On 15 May, Dr Julie McIntyre will be presenting the John Turner Memorial Lecture – The World in a Glass of Hunter Valley Wine on Thursday 15 May, 2014. For more information and to register, click here.
Julie is a lecturer in history and member of the Wine Studies Research Network at the University of Newcastle. She has published widely on wine in colonial history across themes of Aboriginal-settler relations, migration, transnational exchange and cultural taste. Her book First Vintage: Wine in Colonial New South Wales won a 2013 Gourmand International Publishing Award for Best Drink History in Australia.
Answering our questions this week, Dr Julie McIntyre tells us about how she found history swirling in a wine glass.
Tell us about your background, including what drew you into research?
Over the past decade I’ve commuted from Newcastle to teach in universities in Sydney and to research in archives in Australia’s capital cities, and in London. Instead of drawing me away from intellectual engagement with the Hunter region, working away from Newcastle has sparked a deeper curiosity about regional characters, events and issues within broader contexts. Now, even though my wine history research originally grew out of childhood connections to the wine region of Mudgee, it’s a natural progression that I’m focusing more closely on the Hunter Valley.
What are you passionate about? Can others in the community get involved?
I love connecting regional history to wider narratives using the main themes of contemporary historical studies. These themes –gender, imperialism and colonisation, Indigenous populations, migration and the environment – are too often seen as separate from regional history. Community engagement is central to my work. My current projects involve the Hunter wine community and Mid North Coast historical societies.
What do you hope will be achieved by what you are doing?
I hope my research offers a deeper and more socially inclusive understanding of where we live. In, turn, I hope it also shows how where we live fits into bigger histories.
What’s been the most unexpected aspect of your work so far?
Until recently, studying alcohol remained largely taboo in the humanities and social sciences. That is, unless the research discouraged drinking. This is not surprising as alcohol abuse has such tragic consequences. What has been unexpected is how rapidly this has changed. International trends such as the democratisation and globalisation of wine, increases in wine exports, and the rise of wine tourism have created a need for more nuanced inquiries into alcohol, history and culture. This is the sort of research underway within the Wine Studies Research Network.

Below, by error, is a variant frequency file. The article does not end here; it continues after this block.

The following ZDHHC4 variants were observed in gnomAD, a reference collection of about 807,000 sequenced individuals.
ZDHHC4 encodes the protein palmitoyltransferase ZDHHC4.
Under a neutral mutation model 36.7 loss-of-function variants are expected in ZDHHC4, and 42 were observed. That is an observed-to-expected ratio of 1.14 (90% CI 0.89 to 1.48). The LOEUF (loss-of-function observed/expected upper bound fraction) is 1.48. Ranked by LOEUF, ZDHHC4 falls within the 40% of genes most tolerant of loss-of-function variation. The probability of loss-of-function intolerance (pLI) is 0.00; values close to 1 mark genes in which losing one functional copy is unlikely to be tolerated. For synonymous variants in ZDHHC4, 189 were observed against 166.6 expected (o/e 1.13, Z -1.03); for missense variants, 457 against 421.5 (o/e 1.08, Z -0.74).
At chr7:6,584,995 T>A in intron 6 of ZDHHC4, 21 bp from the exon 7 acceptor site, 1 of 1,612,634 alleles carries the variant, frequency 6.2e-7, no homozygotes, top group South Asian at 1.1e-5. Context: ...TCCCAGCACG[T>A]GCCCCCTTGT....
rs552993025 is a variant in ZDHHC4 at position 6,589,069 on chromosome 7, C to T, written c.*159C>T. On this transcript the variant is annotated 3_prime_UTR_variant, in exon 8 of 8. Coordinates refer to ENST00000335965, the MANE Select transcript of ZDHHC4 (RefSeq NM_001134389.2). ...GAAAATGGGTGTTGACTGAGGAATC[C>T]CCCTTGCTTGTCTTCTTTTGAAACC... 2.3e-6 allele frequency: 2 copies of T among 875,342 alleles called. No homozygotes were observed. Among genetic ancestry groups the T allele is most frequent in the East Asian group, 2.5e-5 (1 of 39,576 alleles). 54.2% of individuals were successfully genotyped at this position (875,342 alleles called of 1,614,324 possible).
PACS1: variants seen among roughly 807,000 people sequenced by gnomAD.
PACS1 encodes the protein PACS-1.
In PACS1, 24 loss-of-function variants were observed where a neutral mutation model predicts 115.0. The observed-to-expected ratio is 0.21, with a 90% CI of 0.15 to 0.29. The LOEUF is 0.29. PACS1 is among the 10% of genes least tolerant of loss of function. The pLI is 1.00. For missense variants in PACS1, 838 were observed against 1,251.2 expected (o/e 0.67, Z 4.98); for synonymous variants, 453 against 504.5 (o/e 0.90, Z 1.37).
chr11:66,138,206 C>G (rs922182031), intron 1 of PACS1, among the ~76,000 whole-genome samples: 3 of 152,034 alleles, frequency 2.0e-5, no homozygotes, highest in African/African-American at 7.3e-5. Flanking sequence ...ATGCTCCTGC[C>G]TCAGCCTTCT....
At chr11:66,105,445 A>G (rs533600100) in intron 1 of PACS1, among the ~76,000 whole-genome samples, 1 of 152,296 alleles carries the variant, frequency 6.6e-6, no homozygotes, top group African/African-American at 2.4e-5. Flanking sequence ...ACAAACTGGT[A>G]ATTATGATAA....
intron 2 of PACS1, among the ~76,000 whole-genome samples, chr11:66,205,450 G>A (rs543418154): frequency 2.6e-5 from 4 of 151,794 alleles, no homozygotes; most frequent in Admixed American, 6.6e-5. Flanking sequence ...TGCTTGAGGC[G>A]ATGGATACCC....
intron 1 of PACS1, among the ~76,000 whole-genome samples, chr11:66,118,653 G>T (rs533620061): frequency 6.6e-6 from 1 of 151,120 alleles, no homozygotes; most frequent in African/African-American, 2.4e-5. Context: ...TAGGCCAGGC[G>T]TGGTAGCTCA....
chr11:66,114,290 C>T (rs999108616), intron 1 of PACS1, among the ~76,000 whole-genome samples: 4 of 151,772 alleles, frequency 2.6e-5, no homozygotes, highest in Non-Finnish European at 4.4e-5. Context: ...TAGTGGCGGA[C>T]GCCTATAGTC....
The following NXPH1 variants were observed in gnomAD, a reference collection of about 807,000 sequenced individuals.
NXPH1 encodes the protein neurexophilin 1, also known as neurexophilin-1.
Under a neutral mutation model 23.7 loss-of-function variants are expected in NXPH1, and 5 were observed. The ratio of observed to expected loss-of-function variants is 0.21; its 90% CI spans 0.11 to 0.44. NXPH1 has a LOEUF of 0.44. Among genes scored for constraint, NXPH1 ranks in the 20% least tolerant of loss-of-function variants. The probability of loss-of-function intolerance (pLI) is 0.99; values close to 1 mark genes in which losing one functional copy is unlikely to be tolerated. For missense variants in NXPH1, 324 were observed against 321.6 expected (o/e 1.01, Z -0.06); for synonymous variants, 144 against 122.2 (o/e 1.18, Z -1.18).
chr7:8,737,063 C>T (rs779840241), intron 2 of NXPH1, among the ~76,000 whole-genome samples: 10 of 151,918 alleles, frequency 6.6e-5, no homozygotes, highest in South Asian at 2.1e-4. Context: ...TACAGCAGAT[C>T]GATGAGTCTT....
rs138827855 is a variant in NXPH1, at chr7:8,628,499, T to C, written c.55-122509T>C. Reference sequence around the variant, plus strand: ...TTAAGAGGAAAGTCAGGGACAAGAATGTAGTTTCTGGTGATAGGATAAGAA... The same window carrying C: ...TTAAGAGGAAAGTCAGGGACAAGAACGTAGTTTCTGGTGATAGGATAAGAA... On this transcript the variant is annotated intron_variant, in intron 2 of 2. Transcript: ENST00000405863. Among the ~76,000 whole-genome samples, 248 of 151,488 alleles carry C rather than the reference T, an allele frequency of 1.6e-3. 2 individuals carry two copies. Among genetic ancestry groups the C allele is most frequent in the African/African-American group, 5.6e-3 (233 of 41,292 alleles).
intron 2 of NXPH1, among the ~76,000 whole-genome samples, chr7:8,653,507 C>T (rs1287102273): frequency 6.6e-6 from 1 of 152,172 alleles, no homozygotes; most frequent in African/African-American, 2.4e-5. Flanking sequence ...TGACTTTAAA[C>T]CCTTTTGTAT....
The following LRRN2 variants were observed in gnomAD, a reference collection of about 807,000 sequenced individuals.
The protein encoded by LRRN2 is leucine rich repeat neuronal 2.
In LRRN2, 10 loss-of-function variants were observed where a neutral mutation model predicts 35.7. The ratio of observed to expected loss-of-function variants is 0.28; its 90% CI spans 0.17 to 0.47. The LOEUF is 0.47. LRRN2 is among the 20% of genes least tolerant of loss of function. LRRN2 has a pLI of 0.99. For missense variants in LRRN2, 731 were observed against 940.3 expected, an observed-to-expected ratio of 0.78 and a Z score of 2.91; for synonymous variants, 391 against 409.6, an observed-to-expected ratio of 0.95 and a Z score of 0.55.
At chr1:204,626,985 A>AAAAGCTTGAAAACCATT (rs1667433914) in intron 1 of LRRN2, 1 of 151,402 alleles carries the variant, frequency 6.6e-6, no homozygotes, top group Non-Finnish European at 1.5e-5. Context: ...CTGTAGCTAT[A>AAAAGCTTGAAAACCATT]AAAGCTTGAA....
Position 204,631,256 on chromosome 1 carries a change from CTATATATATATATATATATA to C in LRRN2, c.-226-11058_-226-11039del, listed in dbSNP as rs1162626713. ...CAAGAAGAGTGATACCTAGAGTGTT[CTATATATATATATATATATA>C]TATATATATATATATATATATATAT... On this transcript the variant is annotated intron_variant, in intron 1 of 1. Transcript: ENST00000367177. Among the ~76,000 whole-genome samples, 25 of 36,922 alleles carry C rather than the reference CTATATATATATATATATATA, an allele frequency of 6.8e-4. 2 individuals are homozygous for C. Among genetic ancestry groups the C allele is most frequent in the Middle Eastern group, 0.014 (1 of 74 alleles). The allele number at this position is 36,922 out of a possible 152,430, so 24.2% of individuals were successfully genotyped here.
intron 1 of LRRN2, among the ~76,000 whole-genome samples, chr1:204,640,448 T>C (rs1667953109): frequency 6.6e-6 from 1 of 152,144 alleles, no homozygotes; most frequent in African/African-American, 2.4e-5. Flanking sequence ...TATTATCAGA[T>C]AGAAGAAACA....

What’s been your proudest achievement to date?
The success of First Vintage has been very rewarding. Its story of the forgotten past of early Australian wine has been embraced by historians, the wine industry, and general readers alike. I think it has helped that the book is a beautiful object. The UNSW Press book designer, Di Quick, did a stunning job presenting the images I‘d spend years collecting.
Do you draw on any people or resources for inspiration?
At the University of Newcastle I work with world class colleagues who are prepared to share their expertise. It’s important to be able to spark and test ideas in an environment like this. The intellectual heritage of Newcastle historians such as Professor John Turner is also inspiring. Apart from that my inspiration is eclectic and very much of the moment. Just now, I’m in awe of the skilled prose of Australian author David Malouf.
What would be your dream project?
My dream project would be extensive fieldwork! I’d begin with a tour of each of Australia’s wine regions, and time to explore their archives. I would then tour New Zealand’s wine regions as I’m keen to compare the Indigenous Australian wine growing project at Murrin Bridge in central NSW with New Zealand’s Maori wine company. After that, as next year is the bicentenary of a French wine tour by colonial Australian John Macarthur and his sons – I’d love to make a documentary of their journey by following in their footsteps.
What does the future hold?
The Hunter Valley wine history project I am working on is likely to take several years, and as it proceeds I’d like to begin a national version of First Vintage. I’ll keep you posted about this on my blog, The World in a Wine Glass.
What’s your favourite Newcastle neighbourhood and why?
I’ve lived on The Hill for nearly 25 years. Almost on my doorstep are beautiful parks, the inner-city beaches, the harbour, the museum, the gallery, the library; much of the city’s most historic architecture, many of its best places to eat, and unique artisan shopfronts. As often happens, after several months living overseas in 2010, it really came home to me what a fine place Newcastle is.
What do you look forward to doing most in Newcastle in summer?
Long lazy days with family and friends. The beach. Fish and chips with Hunter Semillon.
Brisk walks with our Jack Russell terrier, Vinnie. Hearty dinners in front of the open fireplace with Mudgee Cabernet Sauvignon.
Where and what was the last greatest meal you had in Newcastle?
Last year, at Restaurant Mason in Hunter Street. It has a beaut wine list, fiendishly clever food and friendly service.
What is your favourite getaway destination?
My partner and I have a house with a large garden in a small farming village on the Mid North Coast. When we’re not waking up to ships’ horns, the Town Hall clock and church bells in Newcastle, we start the day at Comboyne with the sound of native birds, chooks and dairy cows. The best of both worlds!
Your #1 Newcastle insiders tip?
Walk through King Edward Park to Garside Gardens – pause a moment to look over the Pacific – and continue down through the park and along Newcastle Beach. At any time of year, this corner of Newcastle is sublime.